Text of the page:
As expected, my Graduate Winners report generated plenty of controversy. Two of the university lobby groups put responses on their websites (Universities Australia here; Innovative Research Universities here). A couple of VCs added hyperbole to the sober complaints of their representative organisations:
Administrators and students alike have hit out, with Central Queensland University vice-chancellor Scott Bowman likening it to a “funding regime of which North Korea would be proud”.
Australian Catholic University vice-chancellor Greg Craven slammed the report’s focus on numbers while failing to recognise the wider community value of higher education. “This seems to be a calculator with a personality disorder,” Professor Craven said.
One common criticism was that Graduate Winners does not count every possible public benefit of higher education (though it has the most detailed empirical analysis of this issue yet published in Australia, it is true that not every public benefit claim was investigated). But you would struggle to realise from just reading the lobby group reaction that Graduate Winners also has generally very positive news about graduate prospects. The vast majority of graduates do well financially out of their degrees, and enjoy other non-financial benefits as well. And there was no criticism for not pursuing this issue further.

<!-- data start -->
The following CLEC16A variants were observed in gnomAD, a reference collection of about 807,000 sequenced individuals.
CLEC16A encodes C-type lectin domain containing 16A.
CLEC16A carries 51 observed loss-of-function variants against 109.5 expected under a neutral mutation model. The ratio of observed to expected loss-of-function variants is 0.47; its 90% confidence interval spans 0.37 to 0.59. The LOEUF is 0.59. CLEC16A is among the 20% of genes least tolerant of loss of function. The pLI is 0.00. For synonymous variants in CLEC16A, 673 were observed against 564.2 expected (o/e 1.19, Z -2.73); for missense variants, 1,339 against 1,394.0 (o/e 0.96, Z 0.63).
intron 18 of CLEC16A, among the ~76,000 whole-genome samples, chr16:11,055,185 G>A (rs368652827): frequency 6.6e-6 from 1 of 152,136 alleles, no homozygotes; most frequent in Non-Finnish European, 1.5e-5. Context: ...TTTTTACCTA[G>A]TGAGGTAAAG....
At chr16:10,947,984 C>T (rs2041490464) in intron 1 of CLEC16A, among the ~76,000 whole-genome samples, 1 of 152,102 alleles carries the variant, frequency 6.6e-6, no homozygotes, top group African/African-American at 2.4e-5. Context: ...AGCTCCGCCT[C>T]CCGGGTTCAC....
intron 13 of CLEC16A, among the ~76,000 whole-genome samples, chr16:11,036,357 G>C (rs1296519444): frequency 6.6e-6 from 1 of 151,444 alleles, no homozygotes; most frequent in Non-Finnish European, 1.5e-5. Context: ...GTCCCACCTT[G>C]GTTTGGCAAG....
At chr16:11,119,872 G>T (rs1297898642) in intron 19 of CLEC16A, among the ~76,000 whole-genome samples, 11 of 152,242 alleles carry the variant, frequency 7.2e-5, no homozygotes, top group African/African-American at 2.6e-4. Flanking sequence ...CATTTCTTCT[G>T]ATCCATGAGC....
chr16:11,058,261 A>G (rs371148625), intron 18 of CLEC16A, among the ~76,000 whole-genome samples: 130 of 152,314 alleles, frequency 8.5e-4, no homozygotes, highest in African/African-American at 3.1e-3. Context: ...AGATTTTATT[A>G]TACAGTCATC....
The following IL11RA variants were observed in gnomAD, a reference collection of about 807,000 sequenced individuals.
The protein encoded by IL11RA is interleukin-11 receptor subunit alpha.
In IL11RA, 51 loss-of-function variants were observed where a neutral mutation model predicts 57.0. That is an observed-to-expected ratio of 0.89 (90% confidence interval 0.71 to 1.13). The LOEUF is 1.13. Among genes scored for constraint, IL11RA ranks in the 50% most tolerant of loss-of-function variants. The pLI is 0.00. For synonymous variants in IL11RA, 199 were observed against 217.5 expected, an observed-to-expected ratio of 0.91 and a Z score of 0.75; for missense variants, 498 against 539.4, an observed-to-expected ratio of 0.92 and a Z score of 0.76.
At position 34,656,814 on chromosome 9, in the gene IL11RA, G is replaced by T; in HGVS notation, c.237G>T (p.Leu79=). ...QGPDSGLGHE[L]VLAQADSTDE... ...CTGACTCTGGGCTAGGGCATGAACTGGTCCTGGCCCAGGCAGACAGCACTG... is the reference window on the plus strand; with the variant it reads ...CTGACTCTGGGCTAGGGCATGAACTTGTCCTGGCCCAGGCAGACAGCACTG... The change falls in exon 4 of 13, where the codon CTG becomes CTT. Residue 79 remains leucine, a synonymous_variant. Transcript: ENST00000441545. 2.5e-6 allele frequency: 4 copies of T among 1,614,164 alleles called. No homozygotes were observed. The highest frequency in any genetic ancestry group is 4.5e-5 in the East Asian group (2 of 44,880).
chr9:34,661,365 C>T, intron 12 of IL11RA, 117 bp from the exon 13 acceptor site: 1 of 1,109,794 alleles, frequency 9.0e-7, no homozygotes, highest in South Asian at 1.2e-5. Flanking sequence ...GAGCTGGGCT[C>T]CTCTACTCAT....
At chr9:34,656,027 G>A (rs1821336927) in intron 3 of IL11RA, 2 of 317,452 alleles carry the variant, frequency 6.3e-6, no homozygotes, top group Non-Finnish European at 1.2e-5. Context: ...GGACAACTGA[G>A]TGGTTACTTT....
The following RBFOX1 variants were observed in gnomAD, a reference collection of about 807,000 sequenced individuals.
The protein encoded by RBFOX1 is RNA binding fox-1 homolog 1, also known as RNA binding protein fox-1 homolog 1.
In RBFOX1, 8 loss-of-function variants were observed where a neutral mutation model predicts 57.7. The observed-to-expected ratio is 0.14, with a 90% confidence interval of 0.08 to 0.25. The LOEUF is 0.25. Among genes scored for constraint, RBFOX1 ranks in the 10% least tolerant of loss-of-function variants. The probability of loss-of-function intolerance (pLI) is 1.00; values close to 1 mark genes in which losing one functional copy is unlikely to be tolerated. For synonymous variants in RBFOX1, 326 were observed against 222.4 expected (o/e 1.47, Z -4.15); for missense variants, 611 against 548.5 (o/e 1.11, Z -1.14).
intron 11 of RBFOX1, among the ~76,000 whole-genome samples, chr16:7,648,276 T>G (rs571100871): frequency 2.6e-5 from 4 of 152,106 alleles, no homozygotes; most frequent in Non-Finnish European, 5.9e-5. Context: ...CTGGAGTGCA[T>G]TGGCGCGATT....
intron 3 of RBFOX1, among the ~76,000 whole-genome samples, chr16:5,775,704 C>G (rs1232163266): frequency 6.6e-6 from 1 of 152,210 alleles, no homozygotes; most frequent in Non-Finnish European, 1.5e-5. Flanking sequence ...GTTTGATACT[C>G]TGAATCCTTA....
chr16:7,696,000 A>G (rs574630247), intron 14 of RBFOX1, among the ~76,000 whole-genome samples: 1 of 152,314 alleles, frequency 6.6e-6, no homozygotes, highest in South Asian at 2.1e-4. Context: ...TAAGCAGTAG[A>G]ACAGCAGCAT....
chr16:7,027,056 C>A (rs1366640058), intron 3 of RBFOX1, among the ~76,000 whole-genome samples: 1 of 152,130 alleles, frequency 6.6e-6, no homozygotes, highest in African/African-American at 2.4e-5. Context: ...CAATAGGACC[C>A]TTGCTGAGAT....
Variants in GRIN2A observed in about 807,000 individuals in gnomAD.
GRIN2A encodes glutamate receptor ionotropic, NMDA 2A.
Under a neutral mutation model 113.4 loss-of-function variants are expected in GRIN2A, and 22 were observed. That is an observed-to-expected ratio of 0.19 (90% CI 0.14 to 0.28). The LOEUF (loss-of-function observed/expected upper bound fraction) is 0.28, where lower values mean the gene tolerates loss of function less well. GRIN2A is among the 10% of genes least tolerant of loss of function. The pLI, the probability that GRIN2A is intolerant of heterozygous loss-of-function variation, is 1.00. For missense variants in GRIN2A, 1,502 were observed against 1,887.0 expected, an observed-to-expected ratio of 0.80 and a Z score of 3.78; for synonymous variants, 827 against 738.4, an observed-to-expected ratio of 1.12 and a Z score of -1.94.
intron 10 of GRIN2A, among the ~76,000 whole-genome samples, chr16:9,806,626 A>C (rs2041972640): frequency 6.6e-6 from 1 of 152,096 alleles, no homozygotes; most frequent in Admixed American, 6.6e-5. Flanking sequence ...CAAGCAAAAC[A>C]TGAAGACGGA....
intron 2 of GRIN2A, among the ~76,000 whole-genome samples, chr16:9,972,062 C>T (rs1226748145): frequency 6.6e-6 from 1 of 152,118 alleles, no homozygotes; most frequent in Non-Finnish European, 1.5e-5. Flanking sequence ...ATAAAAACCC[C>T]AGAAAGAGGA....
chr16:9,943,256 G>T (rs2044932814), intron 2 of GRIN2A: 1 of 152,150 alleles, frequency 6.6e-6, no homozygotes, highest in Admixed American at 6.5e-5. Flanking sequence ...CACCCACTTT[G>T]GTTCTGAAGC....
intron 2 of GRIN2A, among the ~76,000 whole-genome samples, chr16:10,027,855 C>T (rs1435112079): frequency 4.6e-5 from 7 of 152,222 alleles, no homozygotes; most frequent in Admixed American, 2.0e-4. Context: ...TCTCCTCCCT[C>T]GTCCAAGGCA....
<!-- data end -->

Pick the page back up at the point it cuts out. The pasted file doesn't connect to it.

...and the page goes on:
In other words, the VCs appear to think that total course cost increases of between $7,000 and $19,000 for most courses would have disastrous effects and must be loudly fought, but lifetime benefit, including financial gains from their services averaging hundreds of thousands of dollars, were not worth mentioning.
I think this one-sided reaction reflects the history of higher education in Australia, and mindsets that have not changed despite the underlying realities having substantially shifted.Read More »